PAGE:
Lives of the fellows

John Leslie Turk

b.2 October 1930 d.4 June 2006
MRCS LRCP(1953) MB BS Lond(1953) MD(1959) MRCPath(1963) DSc(1967) MRCP(1970) FRCPath(1974) FRCP(1975) FRCS(1978)

John Leslie Turk was Sir William Collins professor of human and comparative pathology at the Institute of Basic Medical Sciences, Royal College of Surgeons. As a leading member of the group of clinical and experimental immunologists who helped to found the British Society for Immunology, he can be said to be largely responsible for making immunology the international discipline that it is today.

Born in Farnborough, the son of Max, a solicitor, he was educated at Malvern College, where he specialised in classics. At London University and Guy’s Hospital he studied medicine, qualifying in 1953. After house jobs at Lewisham Hospital, he did his National Service as a lieutenant captain in the RAMC from 1954 to 1956, and served in Egypt and Cyprus, where he developed his interest in pathology.

On demobilisation he was appointed lecturer in bacteriology to the London School of Hygiene and Tropical Medicine, and stayed there for three years before going to the National Institute for Medical research at Mill Hill, to join their scientific staff in the immunology division. In 1963 he became director of the Medical Research Council research group on immunological aspects of dermatology at London University’s Institute of Dermatology. Continuing to build on the early work of Sir Peter Medawar [Munk’s Roll, Vol.VIII, p.330] and John Humphrey [Munk’s Roll, Vol.VIII, p.230] in the field, and to forge links internationally, in 1967 he was promoted to reader in immunology at the university. Three years later, he joined the Institute of Basic Medical Sciences at the Royal College of Surgeons of England as Sir Willliam Collins professor of human and comparative anatomy.

His scientific work impacted in many fields. He combined clinical and experimental tools, not only to understand the basic tenets of cellular immunology, but also to apply the findings to the understanding of diseases as well as the action of drugs that affected the immune response. While working to understand the basis of some dermatological disorders, he developed great expertise in the treatment of leprosy and encouraged scientists from the developing countries to train with him and then to take their new knowledge home.

The author of numerous scientific papers on immunological and other subjects, he also wrote two books, Delayed hypersensitivity (Amsterdam, North-Holland, 1967) and Immunology in clinical medicine (London, Heinemann Medical, 1969). The latter proved a highly popular introduction to the relevance of immunological theory to general medical and surgical practice, and was translated into many different languages including Bulgarian and Japanese. Editor of the journals Clinical immunology and Leprosy review, he was meeting secretary of the British Society for Immunology, president of the section of immunology of the Royal Society of Medicine and adviser on leprosy to the World Health Organization.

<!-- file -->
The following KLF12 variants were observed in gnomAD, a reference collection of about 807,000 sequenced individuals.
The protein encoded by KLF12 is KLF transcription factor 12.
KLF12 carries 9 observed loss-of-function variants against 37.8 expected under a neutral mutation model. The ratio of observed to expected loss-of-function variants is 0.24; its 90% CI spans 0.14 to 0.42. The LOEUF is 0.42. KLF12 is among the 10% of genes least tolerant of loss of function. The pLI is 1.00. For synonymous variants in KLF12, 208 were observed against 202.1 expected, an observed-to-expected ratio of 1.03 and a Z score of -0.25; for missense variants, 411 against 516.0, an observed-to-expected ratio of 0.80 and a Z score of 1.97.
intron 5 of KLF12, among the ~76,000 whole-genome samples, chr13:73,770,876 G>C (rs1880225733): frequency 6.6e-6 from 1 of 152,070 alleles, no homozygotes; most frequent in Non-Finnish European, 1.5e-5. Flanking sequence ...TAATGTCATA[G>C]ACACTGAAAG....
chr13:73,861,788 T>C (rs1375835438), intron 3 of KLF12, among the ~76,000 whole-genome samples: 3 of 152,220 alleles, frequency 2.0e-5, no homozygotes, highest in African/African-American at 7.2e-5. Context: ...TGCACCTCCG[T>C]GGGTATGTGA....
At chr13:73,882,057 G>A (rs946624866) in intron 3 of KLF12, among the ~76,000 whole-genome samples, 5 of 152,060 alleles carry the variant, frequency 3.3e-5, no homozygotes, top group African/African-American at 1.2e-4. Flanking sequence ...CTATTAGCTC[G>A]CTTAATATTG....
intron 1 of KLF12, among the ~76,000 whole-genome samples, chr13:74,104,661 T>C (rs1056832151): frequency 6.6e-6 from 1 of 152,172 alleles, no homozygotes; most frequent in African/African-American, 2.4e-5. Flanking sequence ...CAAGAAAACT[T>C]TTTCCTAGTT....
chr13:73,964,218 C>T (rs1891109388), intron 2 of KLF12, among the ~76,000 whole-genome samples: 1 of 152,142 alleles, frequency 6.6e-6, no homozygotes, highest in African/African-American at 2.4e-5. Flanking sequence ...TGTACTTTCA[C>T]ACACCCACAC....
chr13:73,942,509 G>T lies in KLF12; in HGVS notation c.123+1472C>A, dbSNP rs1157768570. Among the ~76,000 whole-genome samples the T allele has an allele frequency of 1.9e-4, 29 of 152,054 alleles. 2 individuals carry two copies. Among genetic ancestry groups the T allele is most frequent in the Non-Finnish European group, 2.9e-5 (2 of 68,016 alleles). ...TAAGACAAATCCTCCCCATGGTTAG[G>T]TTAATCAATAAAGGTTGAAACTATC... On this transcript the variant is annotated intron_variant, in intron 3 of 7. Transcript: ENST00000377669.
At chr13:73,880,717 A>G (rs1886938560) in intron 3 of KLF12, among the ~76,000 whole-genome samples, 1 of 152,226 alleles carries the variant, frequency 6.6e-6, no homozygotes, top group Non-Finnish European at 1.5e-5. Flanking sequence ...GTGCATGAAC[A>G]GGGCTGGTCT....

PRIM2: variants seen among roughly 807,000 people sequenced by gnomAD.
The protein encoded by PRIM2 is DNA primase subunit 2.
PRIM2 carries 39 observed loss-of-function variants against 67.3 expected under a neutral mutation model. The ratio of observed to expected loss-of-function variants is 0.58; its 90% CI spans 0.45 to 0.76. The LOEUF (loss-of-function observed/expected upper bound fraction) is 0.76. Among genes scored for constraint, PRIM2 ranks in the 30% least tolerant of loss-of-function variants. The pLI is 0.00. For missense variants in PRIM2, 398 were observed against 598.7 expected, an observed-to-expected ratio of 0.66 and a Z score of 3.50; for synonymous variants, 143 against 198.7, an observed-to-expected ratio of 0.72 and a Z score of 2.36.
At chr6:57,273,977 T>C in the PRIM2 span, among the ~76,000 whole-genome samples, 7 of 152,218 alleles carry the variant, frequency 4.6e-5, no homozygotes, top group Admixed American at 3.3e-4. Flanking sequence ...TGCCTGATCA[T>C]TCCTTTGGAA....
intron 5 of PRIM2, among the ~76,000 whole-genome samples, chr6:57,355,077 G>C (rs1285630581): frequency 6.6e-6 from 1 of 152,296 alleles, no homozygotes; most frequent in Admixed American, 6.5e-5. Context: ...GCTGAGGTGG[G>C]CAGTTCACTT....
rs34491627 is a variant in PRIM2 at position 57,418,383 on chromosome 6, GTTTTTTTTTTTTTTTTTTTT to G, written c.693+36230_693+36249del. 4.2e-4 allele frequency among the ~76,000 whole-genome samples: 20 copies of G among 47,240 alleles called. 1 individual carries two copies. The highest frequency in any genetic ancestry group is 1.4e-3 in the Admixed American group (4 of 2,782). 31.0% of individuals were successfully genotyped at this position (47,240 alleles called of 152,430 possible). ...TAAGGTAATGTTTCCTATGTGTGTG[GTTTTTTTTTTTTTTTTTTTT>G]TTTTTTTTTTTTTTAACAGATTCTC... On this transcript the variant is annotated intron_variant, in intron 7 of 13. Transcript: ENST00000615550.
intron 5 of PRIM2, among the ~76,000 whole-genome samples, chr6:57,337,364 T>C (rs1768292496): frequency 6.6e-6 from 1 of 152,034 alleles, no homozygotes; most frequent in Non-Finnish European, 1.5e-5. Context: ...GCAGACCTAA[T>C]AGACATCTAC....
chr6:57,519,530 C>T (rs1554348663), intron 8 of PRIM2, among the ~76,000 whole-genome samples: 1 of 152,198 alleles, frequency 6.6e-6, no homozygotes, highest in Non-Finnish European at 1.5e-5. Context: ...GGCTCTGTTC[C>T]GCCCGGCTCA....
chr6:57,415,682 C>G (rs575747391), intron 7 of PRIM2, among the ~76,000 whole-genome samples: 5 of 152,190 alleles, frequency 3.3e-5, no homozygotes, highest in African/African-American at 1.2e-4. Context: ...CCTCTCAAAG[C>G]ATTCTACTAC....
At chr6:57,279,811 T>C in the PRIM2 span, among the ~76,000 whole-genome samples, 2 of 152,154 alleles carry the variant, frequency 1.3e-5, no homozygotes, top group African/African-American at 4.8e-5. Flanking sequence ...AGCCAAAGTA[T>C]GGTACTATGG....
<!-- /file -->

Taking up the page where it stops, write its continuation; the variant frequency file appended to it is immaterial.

Refusing to relinquish work, on his retirement he spent many years as curator of the Hunterian Museum at the Royal College of Surgeons of England and, together with Sir Reginald Murley, published a very fine edition of the collected case books of John Hunter. He also produced several scholarly articles on medical history.

Travelling extensively, he spoke several modern languages and kept up the classical languages he had learnt at school. A convivial man, he was always entertaining visiting foreign academics and clinicians. He supported the Labour Party for many years before becoming disillusioned, and continued to work for the Campaign for Nuclear Disarmament. He had a passion for literature, for classical music and judaica. An enthusiastic collector of antiques, he displayed them in his London home and Suffolk cottage, and was happy to discourse knowledgeably on their provenance.

In 1954, he married Theresa (‘Terry’) née Posner, whose father Max was a company director; she was a GP. They had met when he was doing house jobs at Lewisham Hospital. Their son wrote that he doted on Terry and that he was ‘always joking apologetically to conference organisers that he would have to leave as soon as possible to return home to her cooking’. They had two sons, Simon, a certified accountant, and Jeremy, who undertook a project on the mental health of leprosy patients and became a professor of psychiatry at St George’s. When he died from the renal complications of long term diabetes, he was survived by Terry, their two sons and three grandchildren.

RCP editor

[Times 9 August 2006; BMJ 2006 333 450; Clin exp immunol 2006 145 571-2; Lep rev 2007 78 409-13; Lives of the Fellows of the Royal College of Surgeons of England – accessed on 5 January 2015]

(Volume XII, page web)

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